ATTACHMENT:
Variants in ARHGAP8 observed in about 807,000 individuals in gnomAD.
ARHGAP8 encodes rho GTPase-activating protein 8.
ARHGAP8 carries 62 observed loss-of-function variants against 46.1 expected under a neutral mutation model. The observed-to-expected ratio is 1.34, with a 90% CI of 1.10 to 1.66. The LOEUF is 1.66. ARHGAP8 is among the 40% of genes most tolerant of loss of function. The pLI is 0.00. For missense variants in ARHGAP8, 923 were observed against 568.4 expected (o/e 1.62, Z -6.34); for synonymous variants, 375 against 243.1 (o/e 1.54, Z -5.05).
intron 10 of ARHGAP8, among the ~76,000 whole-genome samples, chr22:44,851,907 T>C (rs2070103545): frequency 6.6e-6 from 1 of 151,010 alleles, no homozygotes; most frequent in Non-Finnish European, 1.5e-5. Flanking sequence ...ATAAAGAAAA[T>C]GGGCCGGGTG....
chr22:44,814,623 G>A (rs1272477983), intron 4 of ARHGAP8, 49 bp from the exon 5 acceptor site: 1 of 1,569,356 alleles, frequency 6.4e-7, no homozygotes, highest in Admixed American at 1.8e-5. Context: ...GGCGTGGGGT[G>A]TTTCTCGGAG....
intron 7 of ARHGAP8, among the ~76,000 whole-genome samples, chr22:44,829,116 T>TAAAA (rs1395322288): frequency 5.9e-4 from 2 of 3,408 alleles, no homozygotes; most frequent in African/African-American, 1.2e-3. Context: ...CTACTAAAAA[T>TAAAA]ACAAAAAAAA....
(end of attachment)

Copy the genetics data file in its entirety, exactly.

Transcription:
Variants in ARHGAP8 observed in about 807,000 individuals in gnomAD.
ARHGAP8 encodes rho GTPase-activating protein 8.
ARHGAP8 carries 62 observed loss-of-function variants against 46.1 expected under a neutral mutation model. The observed-to-expected ratio is 1.34, with a 90% CI of 1.10 to 1.66. The LOEUF is 1.66. ARHGAP8 is among the 40% of genes most tolerant of loss of function. The pLI is 0.00. For missense variants in ARHGAP8, 923 were observed against 568.4 expected (o/e 1.62, Z -6.34); for synonymous variants, 375 against 243.1 (o/e 1.54, Z -5.05).
intron 10 of ARHGAP8, among the ~76,000 whole-genome samples, chr22:44,851,907 T>C (rs2070103545): frequency 6.6e-6 from 1 of 151,010 alleles, no homozygotes; most frequent in Non-Finnish European, 1.5e-5. Flanking sequence ...ATAAAGAAAA[T>C]GGGCCGGGTG....
chr22:44,814,623 G>A (rs1272477983), intron 4 of ARHGAP8, 49 bp from the exon 5 acceptor site: 1 of 1,569,356 alleles, frequency 6.4e-7, no homozygotes, highest in Admixed American at 1.8e-5. Context: ...GGCGTGGGGT[G>A]TTTCTCGGAG....
intron 7 of ARHGAP8, among the ~76,000 whole-genome samples, chr22:44,829,116 T>TAAAA (rs1395322288): frequency 5.9e-4 from 2 of 3,408 alleles, no homozygotes; most frequent in African/African-American, 1.2e-3. Context: ...CTACTAAAAA[T>TAAAA]ACAAAAAAAA....